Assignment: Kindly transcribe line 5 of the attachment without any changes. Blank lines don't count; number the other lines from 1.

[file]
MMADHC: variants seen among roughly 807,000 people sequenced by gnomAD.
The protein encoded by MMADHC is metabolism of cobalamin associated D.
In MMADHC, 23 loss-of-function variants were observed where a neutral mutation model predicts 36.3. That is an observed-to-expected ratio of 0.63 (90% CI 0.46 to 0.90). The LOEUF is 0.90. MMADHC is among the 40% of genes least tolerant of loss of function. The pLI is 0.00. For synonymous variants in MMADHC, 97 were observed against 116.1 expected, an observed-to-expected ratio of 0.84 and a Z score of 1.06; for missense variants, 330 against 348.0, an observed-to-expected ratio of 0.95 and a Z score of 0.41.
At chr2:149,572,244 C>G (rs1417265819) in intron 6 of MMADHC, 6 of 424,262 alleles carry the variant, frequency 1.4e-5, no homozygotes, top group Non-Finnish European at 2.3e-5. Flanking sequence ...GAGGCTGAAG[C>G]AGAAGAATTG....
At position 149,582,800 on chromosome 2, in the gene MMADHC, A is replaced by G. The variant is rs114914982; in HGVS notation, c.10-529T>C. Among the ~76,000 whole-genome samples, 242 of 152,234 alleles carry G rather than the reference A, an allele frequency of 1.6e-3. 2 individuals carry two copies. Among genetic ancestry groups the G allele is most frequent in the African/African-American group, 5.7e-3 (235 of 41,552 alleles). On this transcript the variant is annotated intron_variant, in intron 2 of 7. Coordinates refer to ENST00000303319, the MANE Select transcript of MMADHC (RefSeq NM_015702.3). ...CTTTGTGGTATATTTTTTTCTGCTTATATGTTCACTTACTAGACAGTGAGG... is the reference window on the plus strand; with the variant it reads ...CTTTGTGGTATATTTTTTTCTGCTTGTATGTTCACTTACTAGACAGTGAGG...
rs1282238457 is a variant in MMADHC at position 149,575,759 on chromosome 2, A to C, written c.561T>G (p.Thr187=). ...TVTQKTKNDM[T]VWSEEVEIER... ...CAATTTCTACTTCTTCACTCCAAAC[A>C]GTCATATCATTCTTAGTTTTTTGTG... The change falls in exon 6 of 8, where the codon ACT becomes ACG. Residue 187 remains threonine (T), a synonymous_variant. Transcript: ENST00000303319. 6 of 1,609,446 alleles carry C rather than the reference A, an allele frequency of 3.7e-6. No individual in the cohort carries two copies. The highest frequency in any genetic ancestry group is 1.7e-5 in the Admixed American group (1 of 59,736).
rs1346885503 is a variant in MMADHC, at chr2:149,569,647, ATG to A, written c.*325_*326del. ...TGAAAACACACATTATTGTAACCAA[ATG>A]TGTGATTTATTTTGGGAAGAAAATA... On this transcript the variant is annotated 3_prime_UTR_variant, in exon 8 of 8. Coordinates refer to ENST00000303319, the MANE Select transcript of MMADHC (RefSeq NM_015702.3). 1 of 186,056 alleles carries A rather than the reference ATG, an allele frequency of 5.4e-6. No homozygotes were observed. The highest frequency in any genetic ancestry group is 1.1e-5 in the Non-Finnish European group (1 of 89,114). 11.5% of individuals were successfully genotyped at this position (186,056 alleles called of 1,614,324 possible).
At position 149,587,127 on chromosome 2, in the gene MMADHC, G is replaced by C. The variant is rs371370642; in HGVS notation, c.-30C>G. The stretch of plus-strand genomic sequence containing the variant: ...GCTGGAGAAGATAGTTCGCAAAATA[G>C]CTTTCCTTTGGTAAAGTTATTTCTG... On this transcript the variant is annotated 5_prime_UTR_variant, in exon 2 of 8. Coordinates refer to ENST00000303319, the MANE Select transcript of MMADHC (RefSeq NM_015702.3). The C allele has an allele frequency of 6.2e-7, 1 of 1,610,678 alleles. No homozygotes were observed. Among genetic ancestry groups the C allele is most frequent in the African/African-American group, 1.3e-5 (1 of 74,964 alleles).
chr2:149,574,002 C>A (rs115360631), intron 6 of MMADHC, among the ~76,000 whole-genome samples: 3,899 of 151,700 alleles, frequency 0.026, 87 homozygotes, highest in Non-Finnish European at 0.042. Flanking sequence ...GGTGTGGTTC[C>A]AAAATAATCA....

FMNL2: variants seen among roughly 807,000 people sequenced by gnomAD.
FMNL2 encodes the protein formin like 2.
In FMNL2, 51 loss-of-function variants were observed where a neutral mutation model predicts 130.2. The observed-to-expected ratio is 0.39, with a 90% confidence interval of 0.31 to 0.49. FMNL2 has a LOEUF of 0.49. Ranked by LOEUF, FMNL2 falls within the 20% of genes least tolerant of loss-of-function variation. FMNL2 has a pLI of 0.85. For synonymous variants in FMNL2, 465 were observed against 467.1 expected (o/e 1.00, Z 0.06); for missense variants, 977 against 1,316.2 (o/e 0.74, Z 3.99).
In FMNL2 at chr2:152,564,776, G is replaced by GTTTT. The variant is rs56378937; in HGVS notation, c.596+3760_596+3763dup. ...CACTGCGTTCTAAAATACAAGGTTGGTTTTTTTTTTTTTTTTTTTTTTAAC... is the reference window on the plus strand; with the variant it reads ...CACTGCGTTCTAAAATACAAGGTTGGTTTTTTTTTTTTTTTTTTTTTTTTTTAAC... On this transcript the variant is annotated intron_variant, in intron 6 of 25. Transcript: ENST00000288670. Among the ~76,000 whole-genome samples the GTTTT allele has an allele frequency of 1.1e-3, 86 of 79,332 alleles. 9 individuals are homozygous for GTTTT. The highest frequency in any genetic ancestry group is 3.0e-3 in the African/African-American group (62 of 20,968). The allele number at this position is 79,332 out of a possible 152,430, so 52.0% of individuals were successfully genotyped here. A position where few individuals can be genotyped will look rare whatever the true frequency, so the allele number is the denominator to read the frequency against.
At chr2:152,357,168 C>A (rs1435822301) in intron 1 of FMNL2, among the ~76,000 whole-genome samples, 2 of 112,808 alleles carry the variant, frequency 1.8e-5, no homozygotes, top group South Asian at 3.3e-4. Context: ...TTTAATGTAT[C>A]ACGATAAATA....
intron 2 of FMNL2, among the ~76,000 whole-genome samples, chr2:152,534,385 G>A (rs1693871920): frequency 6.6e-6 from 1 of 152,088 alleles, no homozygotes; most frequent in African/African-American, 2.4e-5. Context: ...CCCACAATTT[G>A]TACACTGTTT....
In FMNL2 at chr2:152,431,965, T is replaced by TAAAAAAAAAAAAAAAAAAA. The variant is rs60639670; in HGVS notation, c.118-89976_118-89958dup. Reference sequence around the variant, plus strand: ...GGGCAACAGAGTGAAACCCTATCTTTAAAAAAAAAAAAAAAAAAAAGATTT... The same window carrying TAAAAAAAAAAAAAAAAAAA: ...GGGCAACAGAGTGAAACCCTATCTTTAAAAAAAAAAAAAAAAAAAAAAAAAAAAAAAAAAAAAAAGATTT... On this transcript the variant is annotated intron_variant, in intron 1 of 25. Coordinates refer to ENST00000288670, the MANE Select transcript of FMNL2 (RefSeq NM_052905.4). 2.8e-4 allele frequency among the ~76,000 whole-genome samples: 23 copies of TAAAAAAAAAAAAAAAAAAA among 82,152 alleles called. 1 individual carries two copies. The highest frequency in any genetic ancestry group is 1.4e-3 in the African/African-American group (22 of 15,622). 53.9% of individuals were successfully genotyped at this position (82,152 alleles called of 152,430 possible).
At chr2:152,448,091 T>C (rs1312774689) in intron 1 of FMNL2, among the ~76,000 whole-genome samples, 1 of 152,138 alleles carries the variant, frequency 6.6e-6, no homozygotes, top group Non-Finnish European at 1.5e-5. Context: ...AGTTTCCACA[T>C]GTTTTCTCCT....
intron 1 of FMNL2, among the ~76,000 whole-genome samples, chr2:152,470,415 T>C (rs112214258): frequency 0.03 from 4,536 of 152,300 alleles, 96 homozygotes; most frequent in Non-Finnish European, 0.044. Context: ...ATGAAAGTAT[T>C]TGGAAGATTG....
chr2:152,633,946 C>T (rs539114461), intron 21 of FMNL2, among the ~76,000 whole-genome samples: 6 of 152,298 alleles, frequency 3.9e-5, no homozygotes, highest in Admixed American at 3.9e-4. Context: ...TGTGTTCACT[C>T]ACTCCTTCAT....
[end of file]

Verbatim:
At position 149,582,800 on chromosome 2, in the gene MMADHC, A is replaced by G. The variant is rs114914982; in HGVS notation, c.10-529T>C. Among the ~76,000 whole-genome samples, 242 of 152,234 alleles carry G rather than the reference A, an allele frequency of 1.6e-3. 2 individuals carry two copies. Among genetic ancestry groups the G allele is most frequent in the African/African-American group, 5.7e-3 (235 of 41,552 alleles). On this transcript the variant is annotated intron_variant, in intron 2 of 7. Coordinates refer to ENST00000303319, the MANE Select transcript of MMADHC (RefSeq NM_015702.3). ...CTTTGTGGTATATTTTTTTCTGCTTATATGTTCACTTACTAGACAGTGAGG... is the reference window on the plus strand; with the variant it reads ...CTTTGTGGTATATTTTTTTCTGCTTGTATGTTCACTTACTAGACAGTGAGG...